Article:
I guess it also depends on the solo, I learned the Lester Young Lady Be Good solo all the way through and that was helpful, it's also fairly simple relatively. But even then I feel like I didn't pull everything I could out of it. I definitely can't play it in multiple keys.

    I've been working on one Stan Getz blues like for a couple of weeks and there's so much in it. I think it's 5 seconds long or thereabouts. There's cool leading tone stuff, chromaticism, kind of anarchistic blues timing and feel. It's so great...if I was pushing myself to learn the whole solo I would be glossing over my understanding of it.

    (Bronx Blues - Stan Getz and Oscar Peterson, first lick Stan heaven).

  • Posts: 4,811

    It all makes sense. That's why this question is impossible to answer. You go where your instincts take you. Even if there's a better way it's still a whole lot better than doing nothing.

    I also don't want to copy and paste but some is ok. The way I largely avoid quoting verbatim is by transcribing until it's good enough. What I mean is when I hear some phrase I like a lot, usually it's because there's an interval that stands out. So I make sure I get that right. That's the juice concentrate, the rest is a filler to make up the volume and I don't worry about getting it exactly as I heard it. I just make sure the phrasing is there for the most part and it fits the current chord grouping.

    Every note wants to go somewhere-Kurt Rosenwinkel
  • ScoredogScoredog Santa Barbara, Ca✭✭✭✭
    edited April 2023 Posts: 879

    Ok, heading down a rabbit hole post...

    Generally I consider learning whole solo's a lot of wasted time. Yes you will get stuff out of it but it is not efficient as there will be a lot in an entire solo you will not use. That said I have learned entire chorus's of Django solos just to be able to play them on occasion in a show or a jam. As far as licks, once they are integrated they can start become your own. In GJ almost every player plays some of the same licks that are in the GJ vernacular. Chrisitiaan's book has the basics of many of those licks. There are many variations of those licks which people play but that is a good source for the basics. Unlike other jazz genre's I have seen, there are licks or variations of phrases you have to know to advance in this genre . I usually listen an analyze a solo or part of a solo daily and if it sounds like GJ it is often contains some variation of said licks above. I personally like taking licks and break them down to even smaller segments. from there it is easier to move things around. I have been developing a system to just deal with segments which I posted a while back. This gives a freedom to improvise w/o getting caught up in longer licks.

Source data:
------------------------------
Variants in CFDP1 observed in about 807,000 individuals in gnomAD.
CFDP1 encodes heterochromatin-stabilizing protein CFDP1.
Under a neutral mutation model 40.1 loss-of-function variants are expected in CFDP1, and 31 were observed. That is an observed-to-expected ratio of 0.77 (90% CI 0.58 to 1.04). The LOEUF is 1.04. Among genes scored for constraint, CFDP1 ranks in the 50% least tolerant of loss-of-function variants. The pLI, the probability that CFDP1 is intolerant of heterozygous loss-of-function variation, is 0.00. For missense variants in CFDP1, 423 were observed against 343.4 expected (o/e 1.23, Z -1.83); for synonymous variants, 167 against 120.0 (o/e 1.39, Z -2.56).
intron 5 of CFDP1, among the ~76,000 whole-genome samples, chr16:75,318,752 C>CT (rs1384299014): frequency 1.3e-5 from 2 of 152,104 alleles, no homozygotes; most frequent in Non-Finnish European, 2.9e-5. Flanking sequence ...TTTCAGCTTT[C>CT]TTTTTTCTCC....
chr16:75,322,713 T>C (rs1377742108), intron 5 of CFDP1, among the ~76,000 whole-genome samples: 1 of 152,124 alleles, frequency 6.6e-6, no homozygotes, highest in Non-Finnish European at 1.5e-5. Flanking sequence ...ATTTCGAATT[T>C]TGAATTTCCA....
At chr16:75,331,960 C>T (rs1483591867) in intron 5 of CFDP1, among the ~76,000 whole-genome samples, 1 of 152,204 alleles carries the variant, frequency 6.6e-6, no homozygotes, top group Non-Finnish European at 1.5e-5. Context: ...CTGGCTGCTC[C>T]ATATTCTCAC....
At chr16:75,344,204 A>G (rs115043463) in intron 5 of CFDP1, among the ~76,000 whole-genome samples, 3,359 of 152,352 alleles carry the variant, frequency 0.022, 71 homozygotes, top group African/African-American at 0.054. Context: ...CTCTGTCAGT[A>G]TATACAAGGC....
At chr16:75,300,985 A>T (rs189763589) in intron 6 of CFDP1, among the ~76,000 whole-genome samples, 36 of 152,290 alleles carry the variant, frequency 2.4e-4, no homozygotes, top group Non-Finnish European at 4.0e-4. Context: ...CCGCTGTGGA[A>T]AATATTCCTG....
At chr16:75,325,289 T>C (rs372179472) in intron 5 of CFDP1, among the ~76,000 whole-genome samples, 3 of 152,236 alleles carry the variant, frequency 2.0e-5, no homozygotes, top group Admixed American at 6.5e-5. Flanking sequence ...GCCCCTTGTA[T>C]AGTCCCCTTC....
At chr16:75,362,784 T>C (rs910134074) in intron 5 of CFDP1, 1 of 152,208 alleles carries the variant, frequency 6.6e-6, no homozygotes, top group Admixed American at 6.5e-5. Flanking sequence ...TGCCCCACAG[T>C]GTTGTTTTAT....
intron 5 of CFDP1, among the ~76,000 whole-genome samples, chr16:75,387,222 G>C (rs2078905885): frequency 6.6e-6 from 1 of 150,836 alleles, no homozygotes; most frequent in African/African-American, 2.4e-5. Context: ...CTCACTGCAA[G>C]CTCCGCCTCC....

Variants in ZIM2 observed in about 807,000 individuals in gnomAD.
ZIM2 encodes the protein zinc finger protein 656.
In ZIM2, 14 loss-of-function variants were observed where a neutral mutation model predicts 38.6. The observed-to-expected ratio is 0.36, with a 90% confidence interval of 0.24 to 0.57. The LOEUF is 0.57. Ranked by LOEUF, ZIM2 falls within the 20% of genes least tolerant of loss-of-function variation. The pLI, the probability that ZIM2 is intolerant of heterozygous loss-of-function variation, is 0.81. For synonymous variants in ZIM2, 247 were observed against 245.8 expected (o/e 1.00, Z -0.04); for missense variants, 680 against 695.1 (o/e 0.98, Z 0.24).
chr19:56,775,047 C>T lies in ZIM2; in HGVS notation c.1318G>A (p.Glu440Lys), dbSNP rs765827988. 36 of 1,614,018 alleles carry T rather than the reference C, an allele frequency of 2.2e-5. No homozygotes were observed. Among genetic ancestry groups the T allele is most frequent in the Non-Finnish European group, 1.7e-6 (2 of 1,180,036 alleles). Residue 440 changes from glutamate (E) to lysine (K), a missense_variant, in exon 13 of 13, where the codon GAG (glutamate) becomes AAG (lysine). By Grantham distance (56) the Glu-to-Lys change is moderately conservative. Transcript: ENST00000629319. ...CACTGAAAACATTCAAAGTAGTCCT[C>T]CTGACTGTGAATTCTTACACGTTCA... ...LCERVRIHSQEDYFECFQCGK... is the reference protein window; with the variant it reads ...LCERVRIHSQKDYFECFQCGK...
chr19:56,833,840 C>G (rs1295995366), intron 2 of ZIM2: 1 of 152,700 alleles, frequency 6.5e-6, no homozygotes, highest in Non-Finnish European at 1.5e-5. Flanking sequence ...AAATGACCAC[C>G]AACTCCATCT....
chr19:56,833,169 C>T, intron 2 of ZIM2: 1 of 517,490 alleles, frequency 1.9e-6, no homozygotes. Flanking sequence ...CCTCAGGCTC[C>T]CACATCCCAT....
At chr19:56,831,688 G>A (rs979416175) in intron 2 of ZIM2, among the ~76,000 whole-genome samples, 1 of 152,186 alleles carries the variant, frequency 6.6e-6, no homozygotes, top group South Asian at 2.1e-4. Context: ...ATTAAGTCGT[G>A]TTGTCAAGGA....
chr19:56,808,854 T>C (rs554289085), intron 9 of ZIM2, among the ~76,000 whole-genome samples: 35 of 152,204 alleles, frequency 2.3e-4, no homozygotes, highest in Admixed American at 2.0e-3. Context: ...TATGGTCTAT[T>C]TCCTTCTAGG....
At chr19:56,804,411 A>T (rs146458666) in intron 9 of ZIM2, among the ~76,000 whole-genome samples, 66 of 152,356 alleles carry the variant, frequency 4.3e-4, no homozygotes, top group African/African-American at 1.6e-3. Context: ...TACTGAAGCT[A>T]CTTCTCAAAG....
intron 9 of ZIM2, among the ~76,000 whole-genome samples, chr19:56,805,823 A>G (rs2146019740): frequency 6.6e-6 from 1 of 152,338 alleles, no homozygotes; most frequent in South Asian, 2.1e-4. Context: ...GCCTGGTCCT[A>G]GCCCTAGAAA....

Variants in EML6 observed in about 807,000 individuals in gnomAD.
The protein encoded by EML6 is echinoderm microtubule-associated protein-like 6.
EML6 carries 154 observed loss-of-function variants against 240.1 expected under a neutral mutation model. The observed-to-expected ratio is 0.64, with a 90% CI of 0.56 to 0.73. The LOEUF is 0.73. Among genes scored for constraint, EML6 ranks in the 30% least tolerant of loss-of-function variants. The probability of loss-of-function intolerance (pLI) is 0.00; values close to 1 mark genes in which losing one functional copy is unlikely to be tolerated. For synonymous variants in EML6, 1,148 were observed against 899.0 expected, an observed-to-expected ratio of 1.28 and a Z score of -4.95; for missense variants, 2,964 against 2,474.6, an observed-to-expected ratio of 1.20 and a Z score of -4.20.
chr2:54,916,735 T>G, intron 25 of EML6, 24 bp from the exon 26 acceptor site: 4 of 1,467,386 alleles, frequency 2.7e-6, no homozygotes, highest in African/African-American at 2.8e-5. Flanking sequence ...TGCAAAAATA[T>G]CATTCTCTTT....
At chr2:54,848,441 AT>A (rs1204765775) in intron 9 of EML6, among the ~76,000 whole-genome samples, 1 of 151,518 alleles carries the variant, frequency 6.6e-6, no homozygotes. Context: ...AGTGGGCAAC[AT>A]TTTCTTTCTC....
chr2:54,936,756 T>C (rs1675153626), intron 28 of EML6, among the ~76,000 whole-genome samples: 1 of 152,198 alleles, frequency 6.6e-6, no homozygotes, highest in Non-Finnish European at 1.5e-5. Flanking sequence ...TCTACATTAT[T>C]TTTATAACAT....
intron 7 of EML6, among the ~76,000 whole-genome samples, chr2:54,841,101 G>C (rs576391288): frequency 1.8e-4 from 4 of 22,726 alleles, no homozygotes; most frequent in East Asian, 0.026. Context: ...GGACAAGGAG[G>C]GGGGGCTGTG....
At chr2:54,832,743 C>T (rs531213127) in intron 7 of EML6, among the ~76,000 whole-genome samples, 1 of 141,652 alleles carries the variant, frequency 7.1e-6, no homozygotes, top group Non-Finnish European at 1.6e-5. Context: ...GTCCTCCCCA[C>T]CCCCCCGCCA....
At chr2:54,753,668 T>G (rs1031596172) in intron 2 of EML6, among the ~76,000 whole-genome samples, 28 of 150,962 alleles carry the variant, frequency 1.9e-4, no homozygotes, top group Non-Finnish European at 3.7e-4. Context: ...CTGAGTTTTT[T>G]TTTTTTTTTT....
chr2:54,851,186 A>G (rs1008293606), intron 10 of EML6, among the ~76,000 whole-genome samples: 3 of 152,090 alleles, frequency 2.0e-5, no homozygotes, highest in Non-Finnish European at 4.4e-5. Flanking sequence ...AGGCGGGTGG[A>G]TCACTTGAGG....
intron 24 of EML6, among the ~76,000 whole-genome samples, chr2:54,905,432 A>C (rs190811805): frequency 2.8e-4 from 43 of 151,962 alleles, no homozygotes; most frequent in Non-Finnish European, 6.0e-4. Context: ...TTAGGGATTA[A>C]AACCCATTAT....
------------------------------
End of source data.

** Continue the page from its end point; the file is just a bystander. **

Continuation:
When it comes to other genres of jazz, that is open ended as there are so many different players with different approaches so that's all I'll touch on that here. The good thing or bad, depending on how you wish to look at it is GJ has certain lines that one should learn to sound somewhat authentic. The choice to do that or or incorporate other influences is of course a personal decision.

  • tbleentbleen Astoria QueensNew Gaffiero
    edited April 2023 Posts: 33

    Oh, hey, it's Jonathan from CCQ!! My take on a couple of benefits of transcribing an entire solo, or at least an entire chorus (though my intent isn't to play them note for note on a gig/jam).

    1. Fingering -- Say there's a line (lick, or whatever) that I want to transcribe from the solo, I like to find out how Django approaches this idea from the previous idea or line, and then learning where he's launching into from there. This helps guide me on the ideal fingering he probably used, where the phrase lands exactly on the neck. Otherwise if I'm just learning a lick I'm just picking a random place on the neck to learn it. I guess with that approach it's good to learn with different fingerings. Also, sometimes the next phrase is an interesting response to the previous.
    2. Melodic Direction -- Ok you'd got a lick down, but where do you go after that? Do you hear something else to play in your ear next? I find transcribing entire solos (Django at least) gets me "singing" something in my head. I might not be able to execute the next phrase, but the fact that I can hear it at least gives me a rhythmic or melodic idea. I'll fudge the idea and make it my own, but I can still hear Django's solo in my head, if that makes sense. Sometimes the mistake throws me into a whole different place, but at least I'm hearing what I attempted to play, because I worked on the solo. For example on this Them There Eyes recording, say I just really went in with the intent to learn that lick that resolves to Bmi (:46-:50). Why not continue this lick onto the E7 line he plays? Then you just find yourself building from there...sometimes his solos are too catchy to NOT learn the whole thing haha.
    3. Solidifying -- I think the more I repeat practicing entire solos, it really starts to lock in the timing & placing of each phrase/lick. While you could just isolate one lick over backing tracks and say to yourself "ok every time we hit this 2-5 or 3-6 chord I'm going to play this" it sometimes feels forced or out of place...and I'm not hearing it naturally come off of what I was just playing (guess that's the copy and paste condundrum described above)

    I also personally find it only natural to learn entire Django solos (and only certain songs). If I'm watching a live Moignard video, or even him ripping 4-5 chorus on a DC music school lesson...who's going to learn that entire thing? But if he plays something catchy, totally worth trying to analyze, pull, and apply. Jimmy obviously is quoting the entire Django solo here at :30, because the whole thing is so catchy and tells a story almost. I think there a plenty of other instances of Django solos that are worth learning in entirety like this.